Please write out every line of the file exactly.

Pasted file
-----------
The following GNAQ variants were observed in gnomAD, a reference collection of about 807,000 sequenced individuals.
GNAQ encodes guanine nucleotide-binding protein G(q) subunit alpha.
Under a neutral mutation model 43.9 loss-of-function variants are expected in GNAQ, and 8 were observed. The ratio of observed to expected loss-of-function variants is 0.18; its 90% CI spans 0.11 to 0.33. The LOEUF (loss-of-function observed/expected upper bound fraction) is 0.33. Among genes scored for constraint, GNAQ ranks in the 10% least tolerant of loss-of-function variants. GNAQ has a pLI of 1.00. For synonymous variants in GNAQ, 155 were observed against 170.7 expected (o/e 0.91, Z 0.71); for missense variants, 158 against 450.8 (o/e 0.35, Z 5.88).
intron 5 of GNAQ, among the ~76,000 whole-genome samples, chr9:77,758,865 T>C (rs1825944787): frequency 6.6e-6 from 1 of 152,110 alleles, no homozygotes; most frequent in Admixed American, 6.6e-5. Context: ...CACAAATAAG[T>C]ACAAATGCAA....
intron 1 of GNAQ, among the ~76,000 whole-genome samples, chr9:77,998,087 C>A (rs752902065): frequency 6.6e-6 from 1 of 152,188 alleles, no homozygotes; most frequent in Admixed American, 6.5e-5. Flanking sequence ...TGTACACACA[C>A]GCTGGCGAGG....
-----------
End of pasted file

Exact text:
The following GNAQ variants were observed in gnomAD, a reference collection of about 807,000 sequenced individuals.
GNAQ encodes guanine nucleotide-binding protein G(q) subunit alpha.
Under a neutral mutation model 43.9 loss-of-function variants are expected in GNAQ, and 8 were observed. The ratio of observed to expected loss-of-function variants is 0.18; its 90% CI spans 0.11 to 0.33. The LOEUF (loss-of-function observed/expected upper bound fraction) is 0.33. Among genes scored for constraint, GNAQ ranks in the 10% least tolerant of loss-of-function variants. GNAQ has a pLI of 1.00. For synonymous variants in GNAQ, 155 were observed against 170.7 expected (o/e 0.91, Z 0.71); for missense variants, 158 against 450.8 (o/e 0.35, Z 5.88).
intron 5 of GNAQ, among the ~76,000 whole-genome samples, chr9:77,758,865 T>C (rs1825944787): frequency 6.6e-6 from 1 of 152,110 alleles, no homozygotes; most frequent in Admixed American, 6.6e-5. Context: ...CACAAATAAG[T>C]ACAAATGCAA....
intron 1 of GNAQ, among the ~76,000 whole-genome samples, chr9:77,998,087 C>A (rs752902065): frequency 6.6e-6 from 1 of 152,188 alleles, no homozygotes; most frequent in Admixed American, 6.5e-5. Flanking sequence ...TGTACACACA[C>A]GCTGGCGAGG....